What Leads to Teenage Motherhood and their Consequences?

Satyajeet Nanda, Gujarat Institute of Development Research

Data from National Family Health Survey (NFHS), 1992-93, India has been analyzed to find out the factors associated with motherhood in teen ages and survival of children to teenage mothers. The proportion of teenage mothers did not vary much with place of residence, but those who are illiterates or mere primary school completed, Muslims, Buddhists, Christians and scheduled tribes constituted higher proportion than other categories. Teenage married women having medium and higher standard of living were found less likely to attain motherhood than those with lower standard of living. Women who used kerosene or other oil for lighting were found more likely to have child loss than those used electricity or gas. The odds of the status of pregnancy wastage were higher in case of women who have had delivery complications and childbirth before time (pre-term) in comparison to those who had not.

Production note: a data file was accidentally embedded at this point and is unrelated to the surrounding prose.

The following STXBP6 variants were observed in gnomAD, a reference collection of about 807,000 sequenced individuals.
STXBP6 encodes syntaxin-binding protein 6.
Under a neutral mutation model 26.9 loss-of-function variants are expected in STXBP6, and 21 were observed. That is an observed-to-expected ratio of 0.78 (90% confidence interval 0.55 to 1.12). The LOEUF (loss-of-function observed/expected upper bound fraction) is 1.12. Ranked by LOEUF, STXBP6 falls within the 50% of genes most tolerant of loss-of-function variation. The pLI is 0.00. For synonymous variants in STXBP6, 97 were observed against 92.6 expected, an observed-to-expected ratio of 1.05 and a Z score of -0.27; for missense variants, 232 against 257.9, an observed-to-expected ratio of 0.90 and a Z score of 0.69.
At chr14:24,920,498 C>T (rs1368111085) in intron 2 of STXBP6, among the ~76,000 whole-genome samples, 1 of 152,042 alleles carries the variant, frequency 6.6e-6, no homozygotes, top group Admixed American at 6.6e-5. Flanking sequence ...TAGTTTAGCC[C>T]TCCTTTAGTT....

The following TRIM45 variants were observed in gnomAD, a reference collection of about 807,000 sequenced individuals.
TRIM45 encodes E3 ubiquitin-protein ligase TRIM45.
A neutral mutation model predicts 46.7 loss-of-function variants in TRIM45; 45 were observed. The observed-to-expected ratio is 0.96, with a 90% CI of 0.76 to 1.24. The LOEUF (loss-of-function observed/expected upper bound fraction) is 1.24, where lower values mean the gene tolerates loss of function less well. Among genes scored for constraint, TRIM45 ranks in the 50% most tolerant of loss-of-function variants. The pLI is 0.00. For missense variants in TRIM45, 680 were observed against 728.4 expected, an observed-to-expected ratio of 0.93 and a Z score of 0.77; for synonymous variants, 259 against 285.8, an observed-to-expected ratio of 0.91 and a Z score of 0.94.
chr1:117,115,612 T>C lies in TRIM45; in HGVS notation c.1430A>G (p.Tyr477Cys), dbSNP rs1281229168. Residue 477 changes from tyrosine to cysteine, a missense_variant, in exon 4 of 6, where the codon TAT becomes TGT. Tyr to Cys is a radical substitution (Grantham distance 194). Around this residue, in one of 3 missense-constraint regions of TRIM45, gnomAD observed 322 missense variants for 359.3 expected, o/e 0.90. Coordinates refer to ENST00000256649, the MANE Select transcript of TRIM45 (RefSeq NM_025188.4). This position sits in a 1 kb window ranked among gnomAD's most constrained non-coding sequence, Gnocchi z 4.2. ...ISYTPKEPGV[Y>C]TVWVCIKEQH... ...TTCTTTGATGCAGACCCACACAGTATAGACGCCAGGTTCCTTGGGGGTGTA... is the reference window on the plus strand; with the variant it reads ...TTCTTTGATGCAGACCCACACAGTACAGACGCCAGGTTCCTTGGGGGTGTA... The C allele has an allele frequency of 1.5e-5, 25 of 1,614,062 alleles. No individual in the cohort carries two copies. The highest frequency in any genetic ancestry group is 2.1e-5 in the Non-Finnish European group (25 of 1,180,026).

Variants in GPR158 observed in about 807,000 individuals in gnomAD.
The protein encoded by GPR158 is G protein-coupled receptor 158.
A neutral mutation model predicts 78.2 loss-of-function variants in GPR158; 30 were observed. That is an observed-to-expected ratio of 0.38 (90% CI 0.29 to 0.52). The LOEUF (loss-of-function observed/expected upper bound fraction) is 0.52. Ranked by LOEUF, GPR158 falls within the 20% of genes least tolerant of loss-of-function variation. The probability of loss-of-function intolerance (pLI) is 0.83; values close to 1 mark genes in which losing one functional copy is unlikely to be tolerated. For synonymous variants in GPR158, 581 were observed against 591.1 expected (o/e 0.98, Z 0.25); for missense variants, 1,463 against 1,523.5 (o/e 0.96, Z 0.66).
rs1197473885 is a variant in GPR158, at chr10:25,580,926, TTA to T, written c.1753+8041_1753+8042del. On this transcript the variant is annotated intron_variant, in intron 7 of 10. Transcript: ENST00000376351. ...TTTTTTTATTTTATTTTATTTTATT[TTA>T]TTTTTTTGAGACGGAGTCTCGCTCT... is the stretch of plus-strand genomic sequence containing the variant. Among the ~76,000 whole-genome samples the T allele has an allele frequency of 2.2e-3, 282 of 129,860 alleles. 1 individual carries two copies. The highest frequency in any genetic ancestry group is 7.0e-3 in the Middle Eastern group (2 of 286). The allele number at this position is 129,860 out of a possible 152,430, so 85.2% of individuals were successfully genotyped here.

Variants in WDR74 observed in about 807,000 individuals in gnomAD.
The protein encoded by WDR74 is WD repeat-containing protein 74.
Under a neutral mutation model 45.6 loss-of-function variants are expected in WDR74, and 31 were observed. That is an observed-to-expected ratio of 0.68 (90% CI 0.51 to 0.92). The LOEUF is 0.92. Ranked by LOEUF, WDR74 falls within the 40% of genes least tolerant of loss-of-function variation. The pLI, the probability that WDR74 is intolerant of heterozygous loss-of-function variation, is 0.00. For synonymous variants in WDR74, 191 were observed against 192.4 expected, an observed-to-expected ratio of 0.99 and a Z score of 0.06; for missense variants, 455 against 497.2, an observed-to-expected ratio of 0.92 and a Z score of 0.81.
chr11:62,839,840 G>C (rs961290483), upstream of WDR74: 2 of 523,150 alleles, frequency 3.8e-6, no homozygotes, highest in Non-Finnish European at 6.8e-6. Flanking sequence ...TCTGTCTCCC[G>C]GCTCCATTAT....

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Presented in Poster Session 3: Families, Parenting, Adolescents, and Children